Tax Law

Henricus v. Comm’r.: a Trader v. Investor Déjà vu

It seems like as of late the Tax Court is set on slamming every person that comes through its doors claiming a trader status.  It feels like it was yesterday when I talked about the Richard Kay case on this blog. There I alluded that a taxpayer who seemed to fall within the category of what most people in the trading community would call a swing trader ended up being treated as an investor.  On top of that the taxpayer was hammered with a Section 6662 penalty. Well, roll forward a few months and we have the same story all over again. The Tax Court just decided the following case Henricus C. van der Lee et ux. v. Comm'r., T.C. Memo. 2011-234 (September 29, 2011).  In Henricus we have a former Merrill Lynch trader who at some point branched out on his own. He left Merrill and started trading stocks, options and futures from his home. Throughout the year at issue the taxpayer executed a total of 189 trades.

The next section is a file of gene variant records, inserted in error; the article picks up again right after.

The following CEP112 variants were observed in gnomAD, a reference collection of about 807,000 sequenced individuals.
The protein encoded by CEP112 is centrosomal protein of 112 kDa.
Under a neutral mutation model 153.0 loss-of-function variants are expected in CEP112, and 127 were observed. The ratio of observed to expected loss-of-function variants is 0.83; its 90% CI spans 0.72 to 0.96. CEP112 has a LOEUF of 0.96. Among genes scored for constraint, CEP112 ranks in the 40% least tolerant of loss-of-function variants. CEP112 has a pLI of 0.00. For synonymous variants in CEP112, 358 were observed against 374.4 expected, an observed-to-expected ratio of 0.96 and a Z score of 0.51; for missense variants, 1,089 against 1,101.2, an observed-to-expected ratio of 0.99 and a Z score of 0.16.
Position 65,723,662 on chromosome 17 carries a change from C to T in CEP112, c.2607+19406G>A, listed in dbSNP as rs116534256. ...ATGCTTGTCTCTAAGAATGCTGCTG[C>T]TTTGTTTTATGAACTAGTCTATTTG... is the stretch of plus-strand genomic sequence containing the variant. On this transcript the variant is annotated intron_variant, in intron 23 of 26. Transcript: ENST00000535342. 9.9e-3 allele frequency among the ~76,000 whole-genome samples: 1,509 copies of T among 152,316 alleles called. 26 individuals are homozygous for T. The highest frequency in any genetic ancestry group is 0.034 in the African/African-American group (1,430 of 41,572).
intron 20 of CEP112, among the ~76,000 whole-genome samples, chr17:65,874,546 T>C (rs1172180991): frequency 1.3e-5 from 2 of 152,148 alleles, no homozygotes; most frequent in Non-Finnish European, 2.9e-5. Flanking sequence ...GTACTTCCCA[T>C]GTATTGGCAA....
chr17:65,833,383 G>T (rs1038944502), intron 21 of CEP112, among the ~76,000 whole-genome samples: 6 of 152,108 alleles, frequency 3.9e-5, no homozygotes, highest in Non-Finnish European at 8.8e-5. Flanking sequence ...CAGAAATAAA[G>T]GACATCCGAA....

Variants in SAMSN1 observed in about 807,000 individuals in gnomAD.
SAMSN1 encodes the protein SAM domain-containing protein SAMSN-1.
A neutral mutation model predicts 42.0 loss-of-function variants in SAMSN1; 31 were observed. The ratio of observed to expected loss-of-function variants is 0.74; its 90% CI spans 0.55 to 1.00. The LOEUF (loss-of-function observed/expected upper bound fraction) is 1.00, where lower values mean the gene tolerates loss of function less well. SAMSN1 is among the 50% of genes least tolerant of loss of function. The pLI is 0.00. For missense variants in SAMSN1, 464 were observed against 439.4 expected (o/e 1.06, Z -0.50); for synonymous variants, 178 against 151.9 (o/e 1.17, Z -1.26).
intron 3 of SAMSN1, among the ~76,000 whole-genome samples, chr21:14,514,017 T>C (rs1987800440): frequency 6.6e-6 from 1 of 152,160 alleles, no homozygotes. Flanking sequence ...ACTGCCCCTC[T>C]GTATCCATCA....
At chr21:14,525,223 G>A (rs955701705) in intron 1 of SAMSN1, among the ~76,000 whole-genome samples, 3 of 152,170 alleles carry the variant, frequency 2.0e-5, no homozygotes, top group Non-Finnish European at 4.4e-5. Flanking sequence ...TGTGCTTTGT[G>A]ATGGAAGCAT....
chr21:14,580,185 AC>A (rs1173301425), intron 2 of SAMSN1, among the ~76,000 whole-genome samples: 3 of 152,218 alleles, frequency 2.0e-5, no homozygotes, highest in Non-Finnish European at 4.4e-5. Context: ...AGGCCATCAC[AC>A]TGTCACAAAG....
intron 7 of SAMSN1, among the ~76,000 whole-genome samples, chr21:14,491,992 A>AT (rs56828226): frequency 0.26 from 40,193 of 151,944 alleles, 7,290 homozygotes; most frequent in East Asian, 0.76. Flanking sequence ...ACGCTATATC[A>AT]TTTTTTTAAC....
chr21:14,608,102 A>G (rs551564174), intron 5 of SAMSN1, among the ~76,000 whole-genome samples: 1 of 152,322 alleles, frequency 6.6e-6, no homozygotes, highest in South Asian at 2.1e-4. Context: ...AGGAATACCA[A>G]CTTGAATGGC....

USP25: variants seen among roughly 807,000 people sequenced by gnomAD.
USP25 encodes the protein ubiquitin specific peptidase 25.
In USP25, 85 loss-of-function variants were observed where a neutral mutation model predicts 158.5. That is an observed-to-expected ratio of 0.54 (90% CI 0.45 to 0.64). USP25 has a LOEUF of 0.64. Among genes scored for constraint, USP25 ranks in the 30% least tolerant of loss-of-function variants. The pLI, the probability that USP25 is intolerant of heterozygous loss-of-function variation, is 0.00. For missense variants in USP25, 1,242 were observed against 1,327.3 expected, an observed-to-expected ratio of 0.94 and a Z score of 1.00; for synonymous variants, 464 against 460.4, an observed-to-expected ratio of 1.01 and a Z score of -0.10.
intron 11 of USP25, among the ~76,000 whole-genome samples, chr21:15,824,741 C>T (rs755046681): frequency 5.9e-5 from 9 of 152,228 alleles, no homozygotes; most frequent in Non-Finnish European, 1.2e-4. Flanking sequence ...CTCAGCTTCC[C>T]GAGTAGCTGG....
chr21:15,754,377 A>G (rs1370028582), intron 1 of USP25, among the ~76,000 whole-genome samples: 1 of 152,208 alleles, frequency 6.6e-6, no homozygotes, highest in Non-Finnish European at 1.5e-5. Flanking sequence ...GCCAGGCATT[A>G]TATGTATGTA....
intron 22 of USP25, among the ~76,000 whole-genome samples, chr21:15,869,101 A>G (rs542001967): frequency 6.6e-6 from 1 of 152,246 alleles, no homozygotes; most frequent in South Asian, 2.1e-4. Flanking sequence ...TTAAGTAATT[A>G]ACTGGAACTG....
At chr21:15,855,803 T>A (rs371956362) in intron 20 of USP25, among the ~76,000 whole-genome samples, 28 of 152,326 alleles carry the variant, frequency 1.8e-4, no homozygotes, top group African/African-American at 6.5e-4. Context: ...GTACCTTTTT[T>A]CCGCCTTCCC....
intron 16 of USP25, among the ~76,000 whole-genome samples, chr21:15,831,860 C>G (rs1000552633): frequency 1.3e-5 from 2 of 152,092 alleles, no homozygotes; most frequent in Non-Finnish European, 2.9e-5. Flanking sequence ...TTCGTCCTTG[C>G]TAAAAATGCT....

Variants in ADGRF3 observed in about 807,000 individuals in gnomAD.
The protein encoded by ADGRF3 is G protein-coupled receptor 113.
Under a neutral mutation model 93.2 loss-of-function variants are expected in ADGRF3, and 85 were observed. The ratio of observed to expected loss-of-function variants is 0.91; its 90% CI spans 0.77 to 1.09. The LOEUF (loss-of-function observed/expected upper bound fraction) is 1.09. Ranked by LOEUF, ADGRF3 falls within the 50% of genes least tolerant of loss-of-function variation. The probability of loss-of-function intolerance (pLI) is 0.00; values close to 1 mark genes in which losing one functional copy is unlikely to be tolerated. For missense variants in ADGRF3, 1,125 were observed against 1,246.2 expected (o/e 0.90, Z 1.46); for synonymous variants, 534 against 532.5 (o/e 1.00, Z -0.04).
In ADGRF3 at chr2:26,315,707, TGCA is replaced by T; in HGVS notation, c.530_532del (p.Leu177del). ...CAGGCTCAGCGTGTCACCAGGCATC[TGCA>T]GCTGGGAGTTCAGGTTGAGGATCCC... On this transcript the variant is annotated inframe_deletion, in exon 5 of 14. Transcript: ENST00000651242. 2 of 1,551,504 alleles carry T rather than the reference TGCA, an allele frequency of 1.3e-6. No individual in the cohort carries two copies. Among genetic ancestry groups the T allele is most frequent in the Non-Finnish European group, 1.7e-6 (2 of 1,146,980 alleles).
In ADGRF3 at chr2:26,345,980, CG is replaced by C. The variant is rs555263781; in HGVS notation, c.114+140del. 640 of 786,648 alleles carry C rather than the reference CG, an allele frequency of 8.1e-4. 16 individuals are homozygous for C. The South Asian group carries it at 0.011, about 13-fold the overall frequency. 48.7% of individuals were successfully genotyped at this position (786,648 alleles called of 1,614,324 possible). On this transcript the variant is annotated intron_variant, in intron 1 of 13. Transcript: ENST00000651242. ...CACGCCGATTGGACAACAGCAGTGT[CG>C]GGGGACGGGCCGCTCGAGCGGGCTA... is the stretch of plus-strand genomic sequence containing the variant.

As in Richard Kay the Tax Court applied the 3 prong trader v. investor facts and circumstances test, namely, it weighed the: (1) the taxpayer's intent, (2) the nature of the income to be derived from the activity, and (3) the frequency, extent, and regularity of the taxpayer's securities transactions. As with Richard Kay, the Tax Court thought that the holding period and the frequency of the trading did not rise to trader status. In this case the Court took an issue with the fact that Henricus never sold stock on the day of its acquisition and that his trading activity was, in the court's view, sporadic. As a result, just as in Richard Kay, the taxpayer was slapped with a penalty.

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